The latest UK property news reveals the reform of two thorns in the side for many homeowners – ground rents for leasehold property and the stress used by mortgage lenders to assess affordability.
Meanwhile, the rising tide of average property prices continues unabated; the cost of the average home in the capital tops half a million pounds; and an imbalance of supply and demand distorts rents in the private rented sector.
Leasehold changes take effect
On the 27th of June, Propertymark – along with most of the UK media – reported that the Leasehold Reform (Ground Rent) Act of 2022 would come into effect at the end of the month.
This is the eagerly awaited legislation that prohibits developers and freeholders from charging anything more than a token ground rent for any new residential leaseholds granted in future. In other words, it effectively abolishes any financial value in the ground rent.
The new law now applies to all residential leaseholds for longer than 21 years for a single dwelling and includes those occasions when a lease has been surrendered and regranted without any additional financial transaction taking place.
Mortgage affordability rules relaxed
The second significant reform of the property market will be especially welcomed by first-time buyers.
On the 21st of June, online listings website Zoopla reported the Bank of England’s decision to lift the requirement for residential mortgage borrowers to pass stringent stress tests designed to assess the affordability of the mortgage for which they have applied.
The changes come into effect from the 1st of August 2022. They remove the borrower’s requirement to demonstrate that they would still be able to afford their monthly mortgage repayments even after a 3% increase above the lender’s standard variable rate.
The stress test has been especially difficult for many first-time buyers to meet – since their available resources are already stretched to the full in order to apply for a mortgage in the first place.
No sign of a slowdown for UK property market
Commenting on the latest statistics released by HM Revenue & Customs (HMRC), the Buy Association on the 23rd of June noted that there appeared to be no let-up in the continuing upward trend of house prices in the UK.
The figures for property transactions in May showed an increase of 1.6% over those completed the previous month – and remain almost as numerous as those at this time last year when the post-pandemic release of pent-up demand was in full flood.
Rather than dampening any confidence in the attraction of investing in property the pandemic only seems to have strengthened that traditional allure, argued the Buy Association. It which pointed also to historically low rates of mortgage interest – even with the base rate recently raised to 1.25% this still substantially below the average 7% that has been maintained over the last 50 years or so.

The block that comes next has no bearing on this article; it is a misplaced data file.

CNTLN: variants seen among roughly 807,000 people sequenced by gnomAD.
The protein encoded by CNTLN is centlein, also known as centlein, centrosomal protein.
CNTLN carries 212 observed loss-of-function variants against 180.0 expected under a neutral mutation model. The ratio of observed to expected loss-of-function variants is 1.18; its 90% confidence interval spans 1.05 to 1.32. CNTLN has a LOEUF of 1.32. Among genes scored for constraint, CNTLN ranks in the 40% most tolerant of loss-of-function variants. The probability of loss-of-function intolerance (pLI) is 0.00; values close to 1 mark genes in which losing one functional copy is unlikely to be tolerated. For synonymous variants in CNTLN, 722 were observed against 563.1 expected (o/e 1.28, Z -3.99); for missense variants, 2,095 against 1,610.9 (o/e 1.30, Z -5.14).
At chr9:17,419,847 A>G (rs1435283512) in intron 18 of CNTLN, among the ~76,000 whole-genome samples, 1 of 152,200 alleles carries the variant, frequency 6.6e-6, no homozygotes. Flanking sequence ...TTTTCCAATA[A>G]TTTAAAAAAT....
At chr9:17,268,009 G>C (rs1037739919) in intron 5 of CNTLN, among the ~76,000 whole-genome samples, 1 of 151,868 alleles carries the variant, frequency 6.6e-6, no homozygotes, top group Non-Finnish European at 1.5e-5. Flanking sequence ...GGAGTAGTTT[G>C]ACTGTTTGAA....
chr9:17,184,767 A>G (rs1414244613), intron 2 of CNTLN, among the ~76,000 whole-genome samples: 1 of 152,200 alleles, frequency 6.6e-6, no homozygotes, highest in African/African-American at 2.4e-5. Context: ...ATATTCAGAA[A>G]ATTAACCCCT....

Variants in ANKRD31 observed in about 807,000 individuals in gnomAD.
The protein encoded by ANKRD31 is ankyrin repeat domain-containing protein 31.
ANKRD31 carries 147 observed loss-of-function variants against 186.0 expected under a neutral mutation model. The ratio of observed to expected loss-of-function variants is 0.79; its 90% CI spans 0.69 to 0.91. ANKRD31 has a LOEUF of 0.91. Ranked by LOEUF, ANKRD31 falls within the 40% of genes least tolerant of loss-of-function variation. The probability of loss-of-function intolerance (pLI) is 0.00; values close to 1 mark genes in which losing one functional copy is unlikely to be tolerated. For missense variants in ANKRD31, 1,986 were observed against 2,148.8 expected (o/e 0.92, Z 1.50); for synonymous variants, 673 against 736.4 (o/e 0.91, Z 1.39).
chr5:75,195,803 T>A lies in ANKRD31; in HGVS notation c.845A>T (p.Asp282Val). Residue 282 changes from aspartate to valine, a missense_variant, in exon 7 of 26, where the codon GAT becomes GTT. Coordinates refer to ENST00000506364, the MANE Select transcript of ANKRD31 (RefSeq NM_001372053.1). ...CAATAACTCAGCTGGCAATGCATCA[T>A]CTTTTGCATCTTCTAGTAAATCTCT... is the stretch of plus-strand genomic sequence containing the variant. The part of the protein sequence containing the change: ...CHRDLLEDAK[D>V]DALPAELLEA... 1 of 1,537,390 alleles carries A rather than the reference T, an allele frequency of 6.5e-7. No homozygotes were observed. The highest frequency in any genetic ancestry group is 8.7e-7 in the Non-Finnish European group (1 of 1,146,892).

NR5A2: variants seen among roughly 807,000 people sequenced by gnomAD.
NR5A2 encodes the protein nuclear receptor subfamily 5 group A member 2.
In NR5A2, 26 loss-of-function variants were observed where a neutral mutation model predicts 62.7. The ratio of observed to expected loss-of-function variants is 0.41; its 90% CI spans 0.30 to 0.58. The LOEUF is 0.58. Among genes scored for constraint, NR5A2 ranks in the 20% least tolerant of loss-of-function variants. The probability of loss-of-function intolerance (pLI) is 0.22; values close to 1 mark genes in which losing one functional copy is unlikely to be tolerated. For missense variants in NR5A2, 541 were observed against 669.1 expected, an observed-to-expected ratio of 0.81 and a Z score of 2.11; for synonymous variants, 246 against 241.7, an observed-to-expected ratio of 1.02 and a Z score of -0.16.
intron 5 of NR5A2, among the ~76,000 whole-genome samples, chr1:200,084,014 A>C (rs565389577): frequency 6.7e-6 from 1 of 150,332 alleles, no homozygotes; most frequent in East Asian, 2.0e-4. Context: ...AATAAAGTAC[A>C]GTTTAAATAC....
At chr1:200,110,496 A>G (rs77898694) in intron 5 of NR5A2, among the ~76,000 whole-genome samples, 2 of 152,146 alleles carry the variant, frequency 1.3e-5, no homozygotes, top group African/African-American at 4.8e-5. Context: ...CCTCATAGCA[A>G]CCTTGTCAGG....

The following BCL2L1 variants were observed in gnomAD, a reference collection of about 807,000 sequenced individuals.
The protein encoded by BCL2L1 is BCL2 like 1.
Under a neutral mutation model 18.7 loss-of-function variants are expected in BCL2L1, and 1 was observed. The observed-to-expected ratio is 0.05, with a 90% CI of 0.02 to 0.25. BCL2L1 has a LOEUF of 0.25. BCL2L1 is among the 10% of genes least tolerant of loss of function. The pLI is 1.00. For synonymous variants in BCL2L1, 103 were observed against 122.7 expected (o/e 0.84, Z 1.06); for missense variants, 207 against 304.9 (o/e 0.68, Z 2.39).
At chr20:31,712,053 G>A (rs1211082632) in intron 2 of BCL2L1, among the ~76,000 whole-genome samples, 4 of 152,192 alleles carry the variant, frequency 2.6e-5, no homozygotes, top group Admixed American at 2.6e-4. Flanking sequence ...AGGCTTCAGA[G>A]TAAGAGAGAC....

Average house in London will now cost you £534,977
Illustrating that steady upward drift in house prices, the Metro newspaper on the 25th of June revealed that the cost of an average home in London has now reached £534,977.
That £534,977 represents approximately 9.7 times the average monthly salary (some £55,255) earned by those working in the capital. If you want to own a home in London, therefore, you will be paying a significantly larger part of your earnings for the privilege – the Metro revealed that the average national house price for the whole of the UK now stands at £279,431, which is some 7.1 times the current national average monthly salary of £39,402.
Even more alarmingly, in some parts of London and the southeast, the ratio of house prices to average earnings stands at an eye-watering 12.9%.
Rents still rising as demand and supply remain out of kilter
Landlord Today on the 27th of June shone the spotlight on the continuing imbalance between supply and demand in the private rented sector.
Despite a modest increase since the beginning of this year in the number of homes for rent, the number of tenants looking for such accommodation continues to grow at a still steeper rate.
Because the demand for rented accommodation continues to outstrip the available supply, there is an inevitable upward pressure on rents – with almost eight out of ten Propertymark members saying that their rents were increased during May.
While demand and supply remain out of kilter, the debate surrounding the long-awaited Renters’ Reform Bill continues to exercise both parliamentarians and landlords’ and tenants’ pressure groups.